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Seattle by David-Edward Hughes

Yellowman

Dael Orlandersmith's Yellowman, a Pulitzer Prize nominee this past season, brings the poet-turned-playwright back to Seattle's ACT Theatre, which has previously hosted her solo performance plays The Gimmick and Monster. Yellowman is the author/actress' first two-character play, though really two extended monologues which overlap and intertwine. My reaction to this play, seemingly in the minority given other critical responses, is that I found it a self-indulgent, self-satisfied and tedious effort, only occasionally redeemed by the charisma and expressiveness of Orlandersmith's co-star Howard W. Overshown.

Orlandersmith and Overshown play Alma and Eugene, childhood hood friends and subsequent lovers raised in South Carolina's Gullah culture, which pits the descendants of West African slaves (who maintain a centuries-old dialect) against the light skinned ("high yella") blacks, who disdain them for their dark hues and different ways. Alma is the ambitious daughter of a slovenly woman who has been so badly treated in her own life that she constantly discourages her daughter and disparages her for her physical appearance. Eugene, the Yellowman of the show's title, comes from a more well off family, in which his own father disdains his son's fair-skinned appearance. The story eventually takes Alma to New York where she tries to remake herself in every way except for her relationship with Eugene. Eugene and Alma consummate a physical relationship and plan a life together, but a tragic turn of events following the funeral of Eugene's maternal grandfather dooms their chances of ever finding happiness.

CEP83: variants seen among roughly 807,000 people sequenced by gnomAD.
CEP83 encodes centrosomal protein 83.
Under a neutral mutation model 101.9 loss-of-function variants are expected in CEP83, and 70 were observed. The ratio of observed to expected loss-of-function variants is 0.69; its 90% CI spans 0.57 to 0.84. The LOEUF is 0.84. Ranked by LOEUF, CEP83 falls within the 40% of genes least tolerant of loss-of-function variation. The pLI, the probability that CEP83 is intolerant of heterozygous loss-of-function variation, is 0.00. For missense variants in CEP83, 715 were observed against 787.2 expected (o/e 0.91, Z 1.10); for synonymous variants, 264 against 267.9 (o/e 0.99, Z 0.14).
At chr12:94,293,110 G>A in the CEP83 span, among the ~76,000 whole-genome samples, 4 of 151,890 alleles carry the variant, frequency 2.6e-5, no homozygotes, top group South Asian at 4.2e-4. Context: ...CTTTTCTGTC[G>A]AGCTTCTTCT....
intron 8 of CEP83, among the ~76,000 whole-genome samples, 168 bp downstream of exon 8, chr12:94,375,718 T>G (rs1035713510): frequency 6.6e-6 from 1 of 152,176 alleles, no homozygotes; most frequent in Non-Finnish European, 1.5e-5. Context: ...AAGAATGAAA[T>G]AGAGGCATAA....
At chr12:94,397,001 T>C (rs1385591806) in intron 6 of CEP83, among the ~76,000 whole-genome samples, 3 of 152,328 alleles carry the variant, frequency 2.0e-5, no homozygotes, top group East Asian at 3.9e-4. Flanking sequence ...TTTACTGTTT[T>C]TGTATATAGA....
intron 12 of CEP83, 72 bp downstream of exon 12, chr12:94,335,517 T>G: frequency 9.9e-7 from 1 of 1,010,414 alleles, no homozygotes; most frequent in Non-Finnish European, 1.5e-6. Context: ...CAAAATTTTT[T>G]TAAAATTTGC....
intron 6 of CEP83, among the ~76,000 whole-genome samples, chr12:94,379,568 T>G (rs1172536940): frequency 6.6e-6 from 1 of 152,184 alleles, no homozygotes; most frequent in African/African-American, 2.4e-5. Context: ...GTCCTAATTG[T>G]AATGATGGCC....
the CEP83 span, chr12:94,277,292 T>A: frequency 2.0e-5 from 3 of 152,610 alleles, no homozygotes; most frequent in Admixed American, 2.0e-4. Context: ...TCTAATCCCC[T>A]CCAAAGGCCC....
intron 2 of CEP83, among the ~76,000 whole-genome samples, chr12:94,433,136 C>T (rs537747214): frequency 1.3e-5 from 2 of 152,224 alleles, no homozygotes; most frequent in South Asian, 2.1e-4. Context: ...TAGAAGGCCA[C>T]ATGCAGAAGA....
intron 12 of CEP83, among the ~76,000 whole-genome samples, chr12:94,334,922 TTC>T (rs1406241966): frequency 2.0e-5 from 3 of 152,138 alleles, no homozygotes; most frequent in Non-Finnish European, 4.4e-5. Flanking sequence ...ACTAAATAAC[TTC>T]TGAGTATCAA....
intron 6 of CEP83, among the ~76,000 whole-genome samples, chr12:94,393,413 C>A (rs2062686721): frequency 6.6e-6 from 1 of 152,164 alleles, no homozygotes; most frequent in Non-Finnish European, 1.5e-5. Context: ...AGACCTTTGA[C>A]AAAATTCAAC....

Gloomy stuff, and directed at a snail's pace by Blanka Zizka, Yellowman has precious few moments of hope or uplift in it. A section where Alma revels in her embrace of New York and all the wondrous differences and variety it offers in contrast to South Carolina is like a cool glass of lemonade in the stifling atmosphere set up in the main body of the play, and there is potent emotionality, too, in the sequence where Alma and Eugene first make love. But this accounts for about ten minutes out of a ninety minute play which felt far longer.

Orlandersmith seems oddly uncomfortable much of the time, for someone who has succeeded in carrying an entire evening of theatre by herself. Overshown dominates the play with an astonishing physical and emotional presence that bodes well for his future career. But he can only do so much, and in the end Yellowman is just a festering, angry diatribe, masquerading as an important evening of theatre.

Yellowman runs through August 4 at ACT Theatre, 700 Union St in downtown Seattle. For further information visit their web-site at www.acttheatre.org.




- David-Edward Hughes



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